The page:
Naval Air Systems Command
AIR 4.4.5.3 - ATTN: Wiring QPL, Room 107
22229 Elmer Road, Building 2360
Patuxent River, MD 20670

11) What is the mailing address for sending checks to the Comptroller?

COMMANDER
Naval Air Warfare Center Aircraft Division
Comptroller, Code 10.1.6, Building 439, Room 18
47110 Liljencrantz Road, Unit 7
Patuxent River, MD 20670-1547

12) When are test procedures required?

All testing performed by the manufacturer require prior test procedure approval. If NAVAIR does the testing, no test procedures are required.

13) What type of information needs to be in a written test procedure?

The review of the test procedures is an alternative to witnessing the tests, and is also being implemented to eliminate common testing mistakes or omission of necessary data to determine specification compliance. They should be step-by-step procedures that identify all the variables of the testing, specific test equipment, fixtures, and set-up required to perform the testing. They should also include data sheets with placeholders for all information that needs to be recorded in the test report or if data sheets are not included in the procedures, then the procedures need to identify all information that needs to be recorded on the data sheets.

14) Can we use our previous test procedures that have already been approved for submittal?

If the procedures are the same and nothing has changed (even the lab used), then NAVAIR will evaluate them.

15) Can periodic qualification testing be performed without an authorization letter if SAE has not published an amendment for NAVAIR to conduct critical testing?

No. NAVAIR may experience delays from time to time getting the required test authorization letters to the manufacturers. If this should happen, manufacturers should wait to start their test program until they have received the letter, this will not impact the manufacturer’s QPL status. At least six months will be allowed to complete the testing and submit the test report; the submittal date will be specified in the authorization letter.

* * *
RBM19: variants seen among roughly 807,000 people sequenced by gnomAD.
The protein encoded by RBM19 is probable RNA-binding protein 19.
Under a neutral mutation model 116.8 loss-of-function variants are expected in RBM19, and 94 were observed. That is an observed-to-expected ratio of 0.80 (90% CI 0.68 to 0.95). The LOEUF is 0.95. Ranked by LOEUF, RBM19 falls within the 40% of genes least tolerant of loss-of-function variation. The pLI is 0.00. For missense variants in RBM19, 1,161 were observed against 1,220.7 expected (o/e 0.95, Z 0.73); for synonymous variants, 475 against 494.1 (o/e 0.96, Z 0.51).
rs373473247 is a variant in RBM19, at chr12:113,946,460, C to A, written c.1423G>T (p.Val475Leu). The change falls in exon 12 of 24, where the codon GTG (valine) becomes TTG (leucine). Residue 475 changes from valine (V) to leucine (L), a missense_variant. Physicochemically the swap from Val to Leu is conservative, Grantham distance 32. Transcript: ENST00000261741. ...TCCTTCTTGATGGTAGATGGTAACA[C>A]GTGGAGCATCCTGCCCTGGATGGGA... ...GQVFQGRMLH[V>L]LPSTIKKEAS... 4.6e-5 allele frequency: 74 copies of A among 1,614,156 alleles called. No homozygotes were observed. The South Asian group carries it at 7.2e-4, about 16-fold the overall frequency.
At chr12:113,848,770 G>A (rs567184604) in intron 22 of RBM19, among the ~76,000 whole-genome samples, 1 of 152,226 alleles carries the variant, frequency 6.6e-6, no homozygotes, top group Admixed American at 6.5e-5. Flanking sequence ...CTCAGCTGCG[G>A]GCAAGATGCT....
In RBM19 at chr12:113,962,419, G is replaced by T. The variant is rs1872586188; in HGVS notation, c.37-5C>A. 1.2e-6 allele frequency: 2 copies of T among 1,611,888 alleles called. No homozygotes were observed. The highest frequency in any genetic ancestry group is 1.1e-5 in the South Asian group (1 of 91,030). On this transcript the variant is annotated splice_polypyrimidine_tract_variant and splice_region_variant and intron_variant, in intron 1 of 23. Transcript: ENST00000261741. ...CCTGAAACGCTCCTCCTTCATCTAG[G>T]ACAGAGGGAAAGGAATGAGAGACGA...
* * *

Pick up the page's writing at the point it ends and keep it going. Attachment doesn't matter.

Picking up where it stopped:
16) What is the manufacturer’s responsibility when requesting a design/material/process change?

The manufacturer’s main responsibility is to make the case for any qualification by similarity that will reduce the amount of required testing. The performance properties that will remain the same should be identified along with the properties that may be impacted by the change, and should include a recommendation for what testing should be required to verify the impacted performance properties. The qualifying activity will consider the recommendation and either accept, modify, or re-work the testing program.

17) Where can product manufacturers acquire the necessary specifications for qualification?

Military specifications can be purchased at IHS at http://www.ihs.com/. An account is required to access and download specifications.

18) After a manufacturer’s products have been qualified, what types of changes need to be reported to the qualifying activity?

DoD 4120.24M points out that a manufacturer not only qualifies their products, they qualify the materials, processes, and designs used to manufacture those products. If changes are made in any of these areas after the product has been qualified, the changes need to be reported to the qualifying activity and approved before the new products can be sold. Because the production processes can be very detailed, there tends to be a “gray area” concerning what changes need to be reported. Too much information for the qualifying activity is better than not enough, if there is any question, it should be reported.

19) What are the requirements for qualification by similarity?